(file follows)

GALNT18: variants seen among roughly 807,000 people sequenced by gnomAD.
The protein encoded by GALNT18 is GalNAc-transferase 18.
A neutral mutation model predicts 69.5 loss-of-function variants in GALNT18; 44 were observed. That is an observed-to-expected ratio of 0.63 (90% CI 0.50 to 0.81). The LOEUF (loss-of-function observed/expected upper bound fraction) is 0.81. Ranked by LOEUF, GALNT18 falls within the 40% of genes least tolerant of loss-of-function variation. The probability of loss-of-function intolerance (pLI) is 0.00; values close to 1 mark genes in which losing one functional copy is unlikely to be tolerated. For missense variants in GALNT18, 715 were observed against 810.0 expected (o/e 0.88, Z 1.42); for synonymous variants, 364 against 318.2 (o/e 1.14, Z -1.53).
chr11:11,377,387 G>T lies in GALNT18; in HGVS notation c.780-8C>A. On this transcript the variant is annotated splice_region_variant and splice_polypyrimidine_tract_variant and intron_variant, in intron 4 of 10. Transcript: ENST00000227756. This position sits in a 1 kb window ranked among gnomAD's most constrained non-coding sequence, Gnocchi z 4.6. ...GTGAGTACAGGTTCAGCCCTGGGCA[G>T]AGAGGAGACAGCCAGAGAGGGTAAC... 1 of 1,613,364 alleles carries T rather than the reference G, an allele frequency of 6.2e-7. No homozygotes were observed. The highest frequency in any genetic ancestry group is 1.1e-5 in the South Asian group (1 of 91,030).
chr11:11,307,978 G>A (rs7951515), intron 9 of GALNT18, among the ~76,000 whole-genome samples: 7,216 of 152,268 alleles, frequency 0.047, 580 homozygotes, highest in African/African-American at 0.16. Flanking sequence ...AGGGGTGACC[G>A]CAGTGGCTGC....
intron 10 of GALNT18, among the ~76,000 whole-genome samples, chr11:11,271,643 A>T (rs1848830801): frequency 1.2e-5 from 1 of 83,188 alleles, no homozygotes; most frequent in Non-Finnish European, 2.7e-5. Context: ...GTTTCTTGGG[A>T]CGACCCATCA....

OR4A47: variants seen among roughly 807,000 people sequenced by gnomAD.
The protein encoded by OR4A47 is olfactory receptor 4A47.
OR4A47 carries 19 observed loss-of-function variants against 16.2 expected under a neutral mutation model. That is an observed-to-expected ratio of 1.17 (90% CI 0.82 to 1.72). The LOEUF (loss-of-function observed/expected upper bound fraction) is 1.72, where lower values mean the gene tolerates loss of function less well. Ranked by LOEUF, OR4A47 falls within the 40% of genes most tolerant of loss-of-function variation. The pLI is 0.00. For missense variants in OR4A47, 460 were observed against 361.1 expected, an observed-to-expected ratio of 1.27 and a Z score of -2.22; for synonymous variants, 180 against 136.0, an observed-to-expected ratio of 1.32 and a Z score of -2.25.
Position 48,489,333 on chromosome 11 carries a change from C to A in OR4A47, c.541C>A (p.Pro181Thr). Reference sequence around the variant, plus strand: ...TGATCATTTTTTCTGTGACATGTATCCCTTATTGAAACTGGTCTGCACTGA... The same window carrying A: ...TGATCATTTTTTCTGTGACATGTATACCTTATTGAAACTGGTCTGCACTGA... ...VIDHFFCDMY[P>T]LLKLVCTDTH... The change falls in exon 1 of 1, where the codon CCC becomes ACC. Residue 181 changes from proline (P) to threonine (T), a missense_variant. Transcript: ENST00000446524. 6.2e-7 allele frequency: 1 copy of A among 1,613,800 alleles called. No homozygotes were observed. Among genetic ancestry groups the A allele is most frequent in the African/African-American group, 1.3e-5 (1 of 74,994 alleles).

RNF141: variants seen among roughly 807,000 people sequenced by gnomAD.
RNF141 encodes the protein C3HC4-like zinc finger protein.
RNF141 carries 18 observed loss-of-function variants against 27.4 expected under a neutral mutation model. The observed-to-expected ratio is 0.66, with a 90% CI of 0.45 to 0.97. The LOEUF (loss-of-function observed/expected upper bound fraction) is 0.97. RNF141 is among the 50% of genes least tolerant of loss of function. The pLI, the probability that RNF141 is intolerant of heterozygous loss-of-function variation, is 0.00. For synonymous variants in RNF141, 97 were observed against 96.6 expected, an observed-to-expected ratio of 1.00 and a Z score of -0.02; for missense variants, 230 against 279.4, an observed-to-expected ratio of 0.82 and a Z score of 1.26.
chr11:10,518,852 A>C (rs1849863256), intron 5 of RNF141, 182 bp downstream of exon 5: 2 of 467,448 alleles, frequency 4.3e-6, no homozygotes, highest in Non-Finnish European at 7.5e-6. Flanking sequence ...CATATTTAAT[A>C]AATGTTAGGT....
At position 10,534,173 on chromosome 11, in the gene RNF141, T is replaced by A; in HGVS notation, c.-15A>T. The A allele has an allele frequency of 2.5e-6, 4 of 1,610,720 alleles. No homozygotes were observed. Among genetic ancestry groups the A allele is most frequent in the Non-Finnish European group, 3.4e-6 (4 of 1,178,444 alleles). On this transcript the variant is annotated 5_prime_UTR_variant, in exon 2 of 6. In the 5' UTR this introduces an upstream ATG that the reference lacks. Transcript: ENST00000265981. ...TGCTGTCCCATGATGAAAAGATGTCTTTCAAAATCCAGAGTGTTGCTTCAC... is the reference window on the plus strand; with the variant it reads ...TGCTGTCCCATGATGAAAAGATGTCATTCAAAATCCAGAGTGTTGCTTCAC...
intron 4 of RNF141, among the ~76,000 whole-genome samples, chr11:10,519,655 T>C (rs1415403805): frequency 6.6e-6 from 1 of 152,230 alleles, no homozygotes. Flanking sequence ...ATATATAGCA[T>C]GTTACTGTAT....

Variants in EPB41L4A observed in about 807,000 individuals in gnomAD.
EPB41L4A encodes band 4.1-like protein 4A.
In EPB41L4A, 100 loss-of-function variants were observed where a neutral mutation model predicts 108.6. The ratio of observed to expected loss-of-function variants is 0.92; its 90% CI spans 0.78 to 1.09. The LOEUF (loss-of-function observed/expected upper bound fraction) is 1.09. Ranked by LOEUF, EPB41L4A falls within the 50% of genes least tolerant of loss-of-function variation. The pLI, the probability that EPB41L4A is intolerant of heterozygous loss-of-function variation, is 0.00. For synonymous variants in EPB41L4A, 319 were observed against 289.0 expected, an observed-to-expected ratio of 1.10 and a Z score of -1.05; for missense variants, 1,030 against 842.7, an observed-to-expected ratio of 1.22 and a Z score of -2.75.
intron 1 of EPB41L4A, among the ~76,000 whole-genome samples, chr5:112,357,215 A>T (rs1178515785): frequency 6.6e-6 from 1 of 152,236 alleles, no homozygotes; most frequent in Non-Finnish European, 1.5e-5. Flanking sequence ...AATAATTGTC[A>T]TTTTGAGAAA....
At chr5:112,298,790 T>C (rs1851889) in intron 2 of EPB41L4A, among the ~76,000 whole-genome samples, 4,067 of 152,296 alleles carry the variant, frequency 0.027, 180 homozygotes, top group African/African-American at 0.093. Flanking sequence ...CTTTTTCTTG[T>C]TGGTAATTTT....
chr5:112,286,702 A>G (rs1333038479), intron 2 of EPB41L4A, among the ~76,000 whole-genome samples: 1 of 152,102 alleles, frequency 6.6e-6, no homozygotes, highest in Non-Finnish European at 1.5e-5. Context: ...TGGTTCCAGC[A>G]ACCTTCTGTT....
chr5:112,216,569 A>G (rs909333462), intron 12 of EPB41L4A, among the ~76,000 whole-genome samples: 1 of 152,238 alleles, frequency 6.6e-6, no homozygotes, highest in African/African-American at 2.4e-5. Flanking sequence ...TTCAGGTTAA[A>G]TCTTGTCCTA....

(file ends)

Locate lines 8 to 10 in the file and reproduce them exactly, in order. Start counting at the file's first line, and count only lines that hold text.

The protein encoded by OR4A47 is olfactory receptor 4A47.
OR4A47 carries 19 observed loss-of-function variants against 16.2 expected under a neutral mutation model. That is an observed-to-expected ratio of 1.17 (90% CI 0.82 to 1.72). The LOEUF (loss-of-function observed/expected upper bound fraction) is 1.72, where lower values mean the gene tolerates loss of function less well. Ranked by LOEUF, OR4A47 falls within the 40% of genes most tolerant of loss-of-function variation. The pLI is 0.00. For missense variants in OR4A47, 460 were observed against 361.1 expected, an observed-to-expected ratio of 1.27 and a Z score of -2.22; for synonymous variants, 180 against 136.0, an observed-to-expected ratio of 1.32 and a Z score of -2.25.
Position 48,489,333 on chromosome 11 carries a change from C to A in OR4A47, c.541C>A (p.Pro181Thr). Reference sequence around the variant, plus strand: ...TGATCATTTTTTCTGTGACATGTATCCCTTATTGAAACTGGTCTGCACTGA... The same window carrying A: ...TGATCATTTTTTCTGTGACATGTATACCTTATTGAAACTGGTCTGCACTGA... ...VIDHFFCDMY[P>T]LLKLVCTDTH... The change falls in exon 1 of 1, where the codon CCC becomes ACC. Residue 181 changes from proline (P) to threonine (T), a missense_variant. Transcript: ENST00000446524. 6.2e-7 allele frequency: 1 copy of A among 1,613,800 alleles called. No homozygotes were observed. Among genetic ancestry groups the A allele is most frequent in the African/African-American group, 1.3e-5 (1 of 74,994 alleles).